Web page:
February 15, 2018 | By: | Technology

Y-drop Testing Shows Positive Impact in 2017 Yield

A few years ago, we started working on split-applying nitrogen during the growing season using the Y-drop system from 360 Yield Center. For a refresher on the Y-Drop system, check out this blog from 2015.

In 2016, we had a phenomenal year for growers in the Red River Valley. Growers received free nitrogen due to mineralization resulting in record yields for some. But, this also resulted in insignificant variation in our fertility trials (see below for results from two fields in 2016).

2016 Y-Drop strip results

2017, being a much drier year, provided a little more variation in our fertility yield results. In 2016, our base fertility program consisted of 125 lbs of nitrogen. We decided that rate was too high for 2017 based off 2016 results so we went with a base rate of 90 lbs of nitrogen.

2017 Y-Drop strip results

In 2016 our top yield was achieved using 20 gal of 28% UAN (60lbs N) and 30 gal (90lbs N) applied the first week of July. In 2017, our top yield was 30 gal applied around the same timeframe. For a deeper dive in 2016’s results, click here.

A good way to analyze how well your nitrogen program performed is to do this type of testing on your farm. An important part of the equation is to leave a 0 gal Y-Drop strip. For example: In 2016, the lowest yielding 0 Y-Drop was 200 bu/A. The highest yielding 20 gal Y-Drop yielded only 6 bu/A more at 206 bu/A.

In contrast, if you look at the data from 2017 and compare the lowest yielding 0 gal Y-Drop (178 bu/A) and the highest yielding 30 gal (198 bu/A) you see a difference of 20 bu/A! Yes, overall, the yields were lower than the records of 2016. But, what should be stressed is the larger difference between the lowest and highest due to program N management.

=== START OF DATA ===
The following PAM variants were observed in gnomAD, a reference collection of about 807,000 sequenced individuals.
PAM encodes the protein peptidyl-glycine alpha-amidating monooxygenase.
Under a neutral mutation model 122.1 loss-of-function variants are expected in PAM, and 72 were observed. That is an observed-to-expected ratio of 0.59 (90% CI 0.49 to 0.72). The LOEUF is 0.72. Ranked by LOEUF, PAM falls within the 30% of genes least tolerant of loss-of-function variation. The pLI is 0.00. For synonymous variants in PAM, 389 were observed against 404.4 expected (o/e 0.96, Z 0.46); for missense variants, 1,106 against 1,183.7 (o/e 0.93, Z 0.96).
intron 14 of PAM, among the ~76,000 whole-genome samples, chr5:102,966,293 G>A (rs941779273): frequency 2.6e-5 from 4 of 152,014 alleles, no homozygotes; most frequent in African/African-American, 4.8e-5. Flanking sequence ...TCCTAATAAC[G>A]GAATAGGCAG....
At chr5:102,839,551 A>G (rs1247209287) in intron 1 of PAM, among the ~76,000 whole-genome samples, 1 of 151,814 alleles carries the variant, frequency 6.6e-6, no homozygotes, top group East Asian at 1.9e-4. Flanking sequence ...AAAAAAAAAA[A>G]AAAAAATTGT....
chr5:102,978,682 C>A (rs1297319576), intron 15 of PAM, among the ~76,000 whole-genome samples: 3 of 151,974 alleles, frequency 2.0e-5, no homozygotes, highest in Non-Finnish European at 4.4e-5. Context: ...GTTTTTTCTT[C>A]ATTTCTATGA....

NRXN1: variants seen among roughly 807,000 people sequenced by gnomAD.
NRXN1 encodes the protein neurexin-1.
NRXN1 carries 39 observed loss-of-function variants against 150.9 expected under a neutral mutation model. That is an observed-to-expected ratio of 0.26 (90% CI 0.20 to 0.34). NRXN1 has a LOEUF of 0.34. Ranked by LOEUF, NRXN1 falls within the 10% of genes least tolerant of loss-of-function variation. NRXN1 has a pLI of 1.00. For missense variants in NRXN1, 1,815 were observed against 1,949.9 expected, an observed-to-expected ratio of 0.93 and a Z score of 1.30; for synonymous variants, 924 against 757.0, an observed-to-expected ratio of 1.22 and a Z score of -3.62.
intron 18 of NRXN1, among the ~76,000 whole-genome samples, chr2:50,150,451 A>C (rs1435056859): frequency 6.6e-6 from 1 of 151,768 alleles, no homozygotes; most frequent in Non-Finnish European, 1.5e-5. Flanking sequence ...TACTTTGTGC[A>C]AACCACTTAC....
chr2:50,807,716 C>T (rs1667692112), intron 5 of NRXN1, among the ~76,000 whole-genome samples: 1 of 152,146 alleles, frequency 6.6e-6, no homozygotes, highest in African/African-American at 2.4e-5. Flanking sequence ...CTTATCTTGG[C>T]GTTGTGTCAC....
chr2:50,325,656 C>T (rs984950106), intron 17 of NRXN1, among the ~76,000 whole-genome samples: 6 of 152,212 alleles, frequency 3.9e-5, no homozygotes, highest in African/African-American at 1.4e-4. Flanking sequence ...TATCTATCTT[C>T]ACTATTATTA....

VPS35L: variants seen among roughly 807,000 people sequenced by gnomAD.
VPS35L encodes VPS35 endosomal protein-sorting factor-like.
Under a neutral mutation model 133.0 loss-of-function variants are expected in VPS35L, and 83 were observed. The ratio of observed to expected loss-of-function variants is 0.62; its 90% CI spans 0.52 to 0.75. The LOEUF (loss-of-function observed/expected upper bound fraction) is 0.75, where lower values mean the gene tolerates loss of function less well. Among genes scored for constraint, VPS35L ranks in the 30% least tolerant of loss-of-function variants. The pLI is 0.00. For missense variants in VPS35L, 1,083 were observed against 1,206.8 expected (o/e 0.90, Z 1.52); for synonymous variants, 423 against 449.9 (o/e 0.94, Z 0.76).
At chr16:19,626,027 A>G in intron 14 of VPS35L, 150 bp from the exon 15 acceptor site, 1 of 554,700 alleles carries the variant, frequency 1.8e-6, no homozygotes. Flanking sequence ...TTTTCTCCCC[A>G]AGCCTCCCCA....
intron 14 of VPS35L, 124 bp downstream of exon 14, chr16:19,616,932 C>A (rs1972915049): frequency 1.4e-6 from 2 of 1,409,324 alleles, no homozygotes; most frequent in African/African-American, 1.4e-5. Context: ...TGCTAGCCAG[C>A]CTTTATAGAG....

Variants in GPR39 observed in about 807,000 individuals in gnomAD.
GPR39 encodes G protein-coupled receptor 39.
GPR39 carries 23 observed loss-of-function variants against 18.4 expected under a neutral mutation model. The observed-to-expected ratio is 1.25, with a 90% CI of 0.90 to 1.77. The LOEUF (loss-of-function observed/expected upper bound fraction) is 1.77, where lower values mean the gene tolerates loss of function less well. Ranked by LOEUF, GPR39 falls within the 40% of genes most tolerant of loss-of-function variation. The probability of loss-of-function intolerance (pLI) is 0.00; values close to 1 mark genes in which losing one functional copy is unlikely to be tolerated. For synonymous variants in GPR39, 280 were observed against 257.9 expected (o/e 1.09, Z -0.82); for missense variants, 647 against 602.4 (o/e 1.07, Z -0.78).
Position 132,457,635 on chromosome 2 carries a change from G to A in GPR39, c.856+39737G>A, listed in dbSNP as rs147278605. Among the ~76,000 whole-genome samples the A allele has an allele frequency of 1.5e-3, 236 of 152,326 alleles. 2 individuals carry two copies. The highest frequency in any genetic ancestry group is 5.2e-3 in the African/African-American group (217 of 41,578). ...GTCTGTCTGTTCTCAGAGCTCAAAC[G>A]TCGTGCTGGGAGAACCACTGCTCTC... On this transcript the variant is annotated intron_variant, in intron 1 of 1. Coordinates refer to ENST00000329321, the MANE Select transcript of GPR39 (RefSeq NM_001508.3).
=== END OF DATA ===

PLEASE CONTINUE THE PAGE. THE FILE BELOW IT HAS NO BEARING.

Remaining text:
There is another key point we can we can determine from this data. The yield difference from 10 gal (183 bu/A) to 20 gal (185 bu/A) is not very significant. However, there is a jump from 20 gal (185 bu/A) to 30 gal (198 bu/A). While it’s important to remember that the conditions vary year to year and this is just a couple years of data, what this may show is that an average Y-Drop rate of 30 gallons with a base rate of 90 lbs of N may get us closer to raising our yields while being more efficient. A sort of ‘sweet spot’ if you will.

As I stated, our 2017 results also show a wider and range of yield throughout the different Y-Drop rates. On the rest of the Peterson Farms Seed, we utilized variable rate seeding along with variable rate Y-Drop applications with a range of 10-30 gal with a field average of around 20 gallons. This provided us with the ability to capitalize the higher-yielding parts of the field and to save input costs in the lower-yielding areas of the field.

For the 2018 season, we plan to replicate these Y-Drop test strips again to confirm our results. Also, we plan to do some testing with the base-rate application to determine our optimal rate. This way, we won’t take the risk of running the corn plant short by the time we apply the Y-Drop nitrogen later in the summer.

As always, feel free to contact me with any questions regarding the Y-Drop system from the 360 Yield Center. Our agronomy team has a lot of experience in farmers’ fields, and 360 Yield Center is a natural extension for them. 360 Yield Center’s products can add to a farm’s bottom line in the very first year of use, so they are a great fit for the current farm economy.

Nolan Berg, Precision Systems Agronomist

Nolan Berg

If you say “jump”, Nolan Berg won’t just ask “how high”… he’ll show you. Nolan pole vaulted for NDSU’s track team (his personal best is 16’ 2”), and his drive and determination carry over into his ever-evolving position as Precision Systems Agronomist. With a master’s degree in Plant Sciences and tenure as track team captain, Nolan is a great fit to lead our precision ag activities, work with zone creation and UAV imagery, and assist with the seed increase program for new genetics. In his downtime, Nolan enjoys hunting, mountain biking, running, and photography.

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